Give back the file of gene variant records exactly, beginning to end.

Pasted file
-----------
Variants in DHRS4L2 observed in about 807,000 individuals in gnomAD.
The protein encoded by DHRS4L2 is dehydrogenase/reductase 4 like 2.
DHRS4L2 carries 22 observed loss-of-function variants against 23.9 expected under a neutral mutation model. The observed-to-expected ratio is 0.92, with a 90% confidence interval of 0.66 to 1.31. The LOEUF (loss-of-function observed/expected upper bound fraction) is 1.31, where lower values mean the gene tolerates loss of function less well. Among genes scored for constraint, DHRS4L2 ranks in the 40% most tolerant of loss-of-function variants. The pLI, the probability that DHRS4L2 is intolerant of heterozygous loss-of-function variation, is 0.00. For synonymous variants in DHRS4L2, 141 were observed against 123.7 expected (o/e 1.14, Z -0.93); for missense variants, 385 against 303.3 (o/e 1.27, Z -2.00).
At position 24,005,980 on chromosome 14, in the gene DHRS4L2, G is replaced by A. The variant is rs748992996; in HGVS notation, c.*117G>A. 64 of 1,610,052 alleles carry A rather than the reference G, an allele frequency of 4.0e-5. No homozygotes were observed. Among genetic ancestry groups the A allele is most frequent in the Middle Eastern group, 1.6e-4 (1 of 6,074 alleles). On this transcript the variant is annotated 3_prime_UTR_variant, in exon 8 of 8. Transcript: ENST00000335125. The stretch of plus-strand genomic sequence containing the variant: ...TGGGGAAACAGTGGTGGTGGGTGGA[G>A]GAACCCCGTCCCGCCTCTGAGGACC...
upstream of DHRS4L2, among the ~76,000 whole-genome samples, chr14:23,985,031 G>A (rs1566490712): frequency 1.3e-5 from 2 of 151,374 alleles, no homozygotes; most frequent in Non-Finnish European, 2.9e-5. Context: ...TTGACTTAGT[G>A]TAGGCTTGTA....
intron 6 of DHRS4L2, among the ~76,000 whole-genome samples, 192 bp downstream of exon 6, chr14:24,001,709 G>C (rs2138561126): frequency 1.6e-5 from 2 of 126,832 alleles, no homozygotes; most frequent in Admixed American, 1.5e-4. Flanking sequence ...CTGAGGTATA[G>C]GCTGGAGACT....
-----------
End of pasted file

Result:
Variants in DHRS4L2 observed in about 807,000 individuals in gnomAD.
The protein encoded by DHRS4L2 is dehydrogenase/reductase 4 like 2.
DHRS4L2 carries 22 observed loss-of-function variants against 23.9 expected under a neutral mutation model. The observed-to-expected ratio is 0.92, with a 90% confidence interval of 0.66 to 1.31. The LOEUF (loss-of-function observed/expected upper bound fraction) is 1.31, where lower values mean the gene tolerates loss of function less well. Among genes scored for constraint, DHRS4L2 ranks in the 40% most tolerant of loss-of-function variants. The pLI, the probability that DHRS4L2 is intolerant of heterozygous loss-of-function variation, is 0.00. For synonymous variants in DHRS4L2, 141 were observed against 123.7 expected (o/e 1.14, Z -0.93); for missense variants, 385 against 303.3 (o/e 1.27, Z -2.00).
At position 24,005,980 on chromosome 14, in the gene DHRS4L2, G is replaced by A. The variant is rs748992996; in HGVS notation, c.*117G>A. 64 of 1,610,052 alleles carry A rather than the reference G, an allele frequency of 4.0e-5. No homozygotes were observed. Among genetic ancestry groups the A allele is most frequent in the Middle Eastern group, 1.6e-4 (1 of 6,074 alleles). On this transcript the variant is annotated 3_prime_UTR_variant, in exon 8 of 8. Transcript: ENST00000335125. The stretch of plus-strand genomic sequence containing the variant: ...TGGGGAAACAGTGGTGGTGGGTGGA[G>A]GAACCCCGTCCCGCCTCTGAGGACC...
upstream of DHRS4L2, among the ~76,000 whole-genome samples, chr14:23,985,031 G>A (rs1566490712): frequency 1.3e-5 from 2 of 151,374 alleles, no homozygotes; most frequent in Non-Finnish European, 2.9e-5. Context: ...TTGACTTAGT[G>A]TAGGCTTGTA....
intron 6 of DHRS4L2, among the ~76,000 whole-genome samples, 192 bp downstream of exon 6, chr14:24,001,709 G>C (rs2138561126): frequency 1.6e-5 from 2 of 126,832 alleles, no homozygotes; most frequent in Admixed American, 1.5e-4. Flanking sequence ...CTGAGGTATA[G>C]GCTGGAGACT....